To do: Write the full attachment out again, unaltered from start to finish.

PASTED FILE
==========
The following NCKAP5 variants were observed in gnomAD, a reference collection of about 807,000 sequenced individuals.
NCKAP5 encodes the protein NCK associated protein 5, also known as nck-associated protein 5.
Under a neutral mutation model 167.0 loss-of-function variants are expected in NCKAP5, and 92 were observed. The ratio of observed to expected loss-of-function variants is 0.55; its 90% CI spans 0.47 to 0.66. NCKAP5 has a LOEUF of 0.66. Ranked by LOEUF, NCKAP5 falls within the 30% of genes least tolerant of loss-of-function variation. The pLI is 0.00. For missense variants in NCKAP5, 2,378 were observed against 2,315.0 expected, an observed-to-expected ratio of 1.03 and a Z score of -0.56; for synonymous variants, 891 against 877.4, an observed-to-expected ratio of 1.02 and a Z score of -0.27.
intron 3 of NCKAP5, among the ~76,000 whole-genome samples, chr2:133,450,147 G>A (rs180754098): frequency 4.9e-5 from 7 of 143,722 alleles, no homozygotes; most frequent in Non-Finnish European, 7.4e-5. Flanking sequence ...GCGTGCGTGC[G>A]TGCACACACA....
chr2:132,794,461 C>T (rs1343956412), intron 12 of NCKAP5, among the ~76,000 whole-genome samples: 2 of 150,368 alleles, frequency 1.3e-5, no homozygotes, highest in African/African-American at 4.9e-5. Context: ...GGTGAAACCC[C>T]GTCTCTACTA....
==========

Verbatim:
The following NCKAP5 variants were observed in gnomAD, a reference collection of about 807,000 sequenced individuals.
NCKAP5 encodes the protein NCK associated protein 5, also known as nck-associated protein 5.
Under a neutral mutation model 167.0 loss-of-function variants are expected in NCKAP5, and 92 were observed. The ratio of observed to expected loss-of-function variants is 0.55; its 90% CI spans 0.47 to 0.66. NCKAP5 has a LOEUF of 0.66. Ranked by LOEUF, NCKAP5 falls within the 30% of genes least tolerant of loss-of-function variation. The pLI is 0.00. For missense variants in NCKAP5, 2,378 were observed against 2,315.0 expected, an observed-to-expected ratio of 1.03 and a Z score of -0.56; for synonymous variants, 891 against 877.4, an observed-to-expected ratio of 1.02 and a Z score of -0.27.
intron 3 of NCKAP5, among the ~76,000 whole-genome samples, chr2:133,450,147 G>A (rs180754098): frequency 4.9e-5 from 7 of 143,722 alleles, no homozygotes; most frequent in Non-Finnish European, 7.4e-5. Flanking sequence ...GCGTGCGTGC[G>A]TGCACACACA....
chr2:132,794,461 C>T (rs1343956412), intron 12 of NCKAP5, among the ~76,000 whole-genome samples: 2 of 150,368 alleles, frequency 1.3e-5, no homozygotes, highest in African/African-American at 4.9e-5. Context: ...GGTGAAACCC[C>T]GTCTCTACTA....